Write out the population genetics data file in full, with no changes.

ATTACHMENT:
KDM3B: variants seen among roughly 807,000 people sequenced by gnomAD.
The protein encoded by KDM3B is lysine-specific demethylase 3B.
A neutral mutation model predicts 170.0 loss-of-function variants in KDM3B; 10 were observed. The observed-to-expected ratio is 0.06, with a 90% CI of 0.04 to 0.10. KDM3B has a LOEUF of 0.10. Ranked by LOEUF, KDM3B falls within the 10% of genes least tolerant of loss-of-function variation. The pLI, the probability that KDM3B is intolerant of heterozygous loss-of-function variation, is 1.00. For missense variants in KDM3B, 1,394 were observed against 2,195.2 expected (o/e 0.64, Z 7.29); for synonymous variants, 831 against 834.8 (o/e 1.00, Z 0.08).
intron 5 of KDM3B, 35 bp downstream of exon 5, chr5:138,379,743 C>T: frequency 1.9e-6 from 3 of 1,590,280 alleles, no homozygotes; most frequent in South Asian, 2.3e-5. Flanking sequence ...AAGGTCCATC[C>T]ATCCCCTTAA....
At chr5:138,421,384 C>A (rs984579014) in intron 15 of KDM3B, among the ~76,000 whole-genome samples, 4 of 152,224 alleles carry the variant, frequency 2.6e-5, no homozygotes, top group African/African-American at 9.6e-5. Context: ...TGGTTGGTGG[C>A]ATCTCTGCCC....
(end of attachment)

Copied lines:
KDM3B: variants seen among roughly 807,000 people sequenced by gnomAD.
The protein encoded by KDM3B is lysine-specific demethylase 3B.
A neutral mutation model predicts 170.0 loss-of-function variants in KDM3B; 10 were observed. The observed-to-expected ratio is 0.06, with a 90% CI of 0.04 to 0.10. KDM3B has a LOEUF of 0.10. Ranked by LOEUF, KDM3B falls within the 10% of genes least tolerant of loss-of-function variation. The pLI, the probability that KDM3B is intolerant of heterozygous loss-of-function variation, is 1.00. For missense variants in KDM3B, 1,394 were observed against 2,195.2 expected (o/e 0.64, Z 7.29); for synonymous variants, 831 against 834.8 (o/e 1.00, Z 0.08).
intron 5 of KDM3B, 35 bp downstream of exon 5, chr5:138,379,743 C>T: frequency 1.9e-6 from 3 of 1,590,280 alleles, no homozygotes; most frequent in South Asian, 2.3e-5. Flanking sequence ...AAGGTCCATC[C>T]ATCCCCTTAA....
At chr5:138,421,384 C>A (rs984579014) in intron 15 of KDM3B, among the ~76,000 whole-genome samples, 4 of 152,224 alleles carry the variant, frequency 2.6e-5, no homozygotes, top group African/African-American at 9.6e-5. Context: ...TGGTTGGTGG[C>A]ATCTCTGCCC....